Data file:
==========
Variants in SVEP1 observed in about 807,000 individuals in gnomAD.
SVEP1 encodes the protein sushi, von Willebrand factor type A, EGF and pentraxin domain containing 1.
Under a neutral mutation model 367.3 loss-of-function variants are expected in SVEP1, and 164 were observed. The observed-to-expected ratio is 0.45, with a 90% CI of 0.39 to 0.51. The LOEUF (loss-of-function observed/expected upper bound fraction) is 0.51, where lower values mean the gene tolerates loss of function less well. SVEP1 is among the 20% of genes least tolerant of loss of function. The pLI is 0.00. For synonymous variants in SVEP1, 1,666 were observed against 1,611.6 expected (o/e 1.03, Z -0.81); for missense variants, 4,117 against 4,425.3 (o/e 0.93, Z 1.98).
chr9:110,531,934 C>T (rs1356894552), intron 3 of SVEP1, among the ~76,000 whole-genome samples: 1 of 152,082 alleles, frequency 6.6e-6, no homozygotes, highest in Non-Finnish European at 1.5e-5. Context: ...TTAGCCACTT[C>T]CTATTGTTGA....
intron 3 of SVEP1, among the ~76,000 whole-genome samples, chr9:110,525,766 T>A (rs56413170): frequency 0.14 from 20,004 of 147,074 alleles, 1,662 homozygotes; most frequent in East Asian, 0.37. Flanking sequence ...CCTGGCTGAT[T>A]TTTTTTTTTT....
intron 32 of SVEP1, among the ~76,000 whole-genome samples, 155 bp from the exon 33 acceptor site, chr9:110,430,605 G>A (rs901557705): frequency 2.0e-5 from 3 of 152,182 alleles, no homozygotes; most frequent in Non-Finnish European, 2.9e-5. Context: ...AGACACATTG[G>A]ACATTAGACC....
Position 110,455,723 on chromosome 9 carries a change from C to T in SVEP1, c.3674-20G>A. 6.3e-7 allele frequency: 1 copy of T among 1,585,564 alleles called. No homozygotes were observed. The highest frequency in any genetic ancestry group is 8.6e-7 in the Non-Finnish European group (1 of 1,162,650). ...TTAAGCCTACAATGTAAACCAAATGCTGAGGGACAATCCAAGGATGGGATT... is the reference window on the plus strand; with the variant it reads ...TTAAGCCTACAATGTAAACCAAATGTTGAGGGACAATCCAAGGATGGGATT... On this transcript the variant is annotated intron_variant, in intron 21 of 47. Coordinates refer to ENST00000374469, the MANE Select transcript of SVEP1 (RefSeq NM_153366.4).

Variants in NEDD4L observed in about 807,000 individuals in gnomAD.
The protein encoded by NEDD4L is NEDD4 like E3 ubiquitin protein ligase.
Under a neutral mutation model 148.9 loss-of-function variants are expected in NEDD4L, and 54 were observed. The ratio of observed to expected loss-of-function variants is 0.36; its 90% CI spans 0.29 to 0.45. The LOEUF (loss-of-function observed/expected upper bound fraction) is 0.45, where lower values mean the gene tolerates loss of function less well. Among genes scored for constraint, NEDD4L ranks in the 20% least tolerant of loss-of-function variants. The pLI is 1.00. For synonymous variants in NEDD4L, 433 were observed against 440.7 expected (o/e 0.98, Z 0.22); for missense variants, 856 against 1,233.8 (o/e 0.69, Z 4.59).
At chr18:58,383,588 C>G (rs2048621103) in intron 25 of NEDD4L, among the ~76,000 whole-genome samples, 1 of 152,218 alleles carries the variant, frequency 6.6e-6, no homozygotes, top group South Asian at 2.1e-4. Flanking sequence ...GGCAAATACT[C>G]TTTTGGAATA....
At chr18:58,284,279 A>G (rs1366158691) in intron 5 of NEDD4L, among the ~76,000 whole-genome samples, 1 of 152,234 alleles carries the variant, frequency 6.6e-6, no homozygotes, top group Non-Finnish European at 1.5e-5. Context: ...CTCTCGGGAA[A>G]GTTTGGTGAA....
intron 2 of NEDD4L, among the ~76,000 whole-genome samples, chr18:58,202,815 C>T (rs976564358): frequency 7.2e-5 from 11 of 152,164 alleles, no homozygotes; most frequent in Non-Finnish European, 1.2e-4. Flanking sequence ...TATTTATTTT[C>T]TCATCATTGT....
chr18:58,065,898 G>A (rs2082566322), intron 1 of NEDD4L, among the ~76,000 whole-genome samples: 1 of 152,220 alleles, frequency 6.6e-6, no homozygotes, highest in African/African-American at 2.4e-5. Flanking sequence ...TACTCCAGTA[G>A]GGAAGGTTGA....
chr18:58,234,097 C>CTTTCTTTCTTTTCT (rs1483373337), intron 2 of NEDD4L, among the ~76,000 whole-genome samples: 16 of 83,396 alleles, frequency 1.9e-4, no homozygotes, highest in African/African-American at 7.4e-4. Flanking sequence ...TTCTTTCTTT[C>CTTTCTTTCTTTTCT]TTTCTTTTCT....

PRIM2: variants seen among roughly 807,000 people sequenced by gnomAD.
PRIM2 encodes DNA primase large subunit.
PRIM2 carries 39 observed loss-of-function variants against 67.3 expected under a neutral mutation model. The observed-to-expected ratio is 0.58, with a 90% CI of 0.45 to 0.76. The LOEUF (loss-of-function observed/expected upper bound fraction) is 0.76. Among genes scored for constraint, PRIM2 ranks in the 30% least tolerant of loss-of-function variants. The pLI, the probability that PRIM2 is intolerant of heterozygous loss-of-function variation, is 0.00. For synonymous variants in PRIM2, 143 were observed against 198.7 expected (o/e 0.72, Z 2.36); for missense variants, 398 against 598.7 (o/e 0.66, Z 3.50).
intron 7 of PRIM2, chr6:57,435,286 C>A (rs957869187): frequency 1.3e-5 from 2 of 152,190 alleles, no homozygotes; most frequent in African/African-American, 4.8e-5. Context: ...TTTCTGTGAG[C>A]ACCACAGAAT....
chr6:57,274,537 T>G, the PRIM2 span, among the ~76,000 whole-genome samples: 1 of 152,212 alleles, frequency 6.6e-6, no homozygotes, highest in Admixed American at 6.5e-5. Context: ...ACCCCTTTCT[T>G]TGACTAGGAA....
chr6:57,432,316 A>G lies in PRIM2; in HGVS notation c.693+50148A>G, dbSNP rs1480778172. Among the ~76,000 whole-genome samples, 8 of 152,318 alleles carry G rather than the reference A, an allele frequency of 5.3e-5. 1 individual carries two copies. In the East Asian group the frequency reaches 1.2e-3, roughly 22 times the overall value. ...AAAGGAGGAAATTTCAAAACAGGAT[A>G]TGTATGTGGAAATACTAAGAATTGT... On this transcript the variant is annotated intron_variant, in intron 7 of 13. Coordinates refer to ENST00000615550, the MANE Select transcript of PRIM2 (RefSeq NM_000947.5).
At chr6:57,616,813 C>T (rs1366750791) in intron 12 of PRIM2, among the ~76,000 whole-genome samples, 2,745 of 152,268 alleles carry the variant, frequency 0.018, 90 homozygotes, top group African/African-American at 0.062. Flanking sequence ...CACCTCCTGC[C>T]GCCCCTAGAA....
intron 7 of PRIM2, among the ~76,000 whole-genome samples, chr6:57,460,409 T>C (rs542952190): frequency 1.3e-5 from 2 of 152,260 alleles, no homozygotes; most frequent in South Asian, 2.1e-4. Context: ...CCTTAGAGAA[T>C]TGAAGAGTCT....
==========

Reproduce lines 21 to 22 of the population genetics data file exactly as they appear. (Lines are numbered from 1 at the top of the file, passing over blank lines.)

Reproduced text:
chr6:57,432,316 A>G lies in PRIM2; in HGVS notation c.693+50148A>G, dbSNP rs1480778172. Among the ~76,000 whole-genome samples, 8 of 152,318 alleles carry G rather than the reference A, an allele frequency of 5.3e-5. 1 individual carries two copies. In the East Asian group the frequency reaches 1.2e-3, roughly 22 times the overall value. ...AAAGGAGGAAATTTCAAAACAGGAT[A>G]TGTATGTGGAAATACTAAGAATTGT... On this transcript the variant is annotated intron_variant, in intron 7 of 13. Coordinates refer to ENST00000615550, the MANE Select transcript of PRIM2 (RefSeq NM_000947.5).
At chr6:57,616,813 C>T (rs1366750791) in intron 12 of PRIM2, among the ~76,000 whole-genome samples, 2,745 of 152,268 alleles carry the variant, frequency 0.018, 90 homozygotes, top group African/African-American at 0.062. Flanking sequence ...CACCTCCTGC[C>T]GCCCCTAGAA....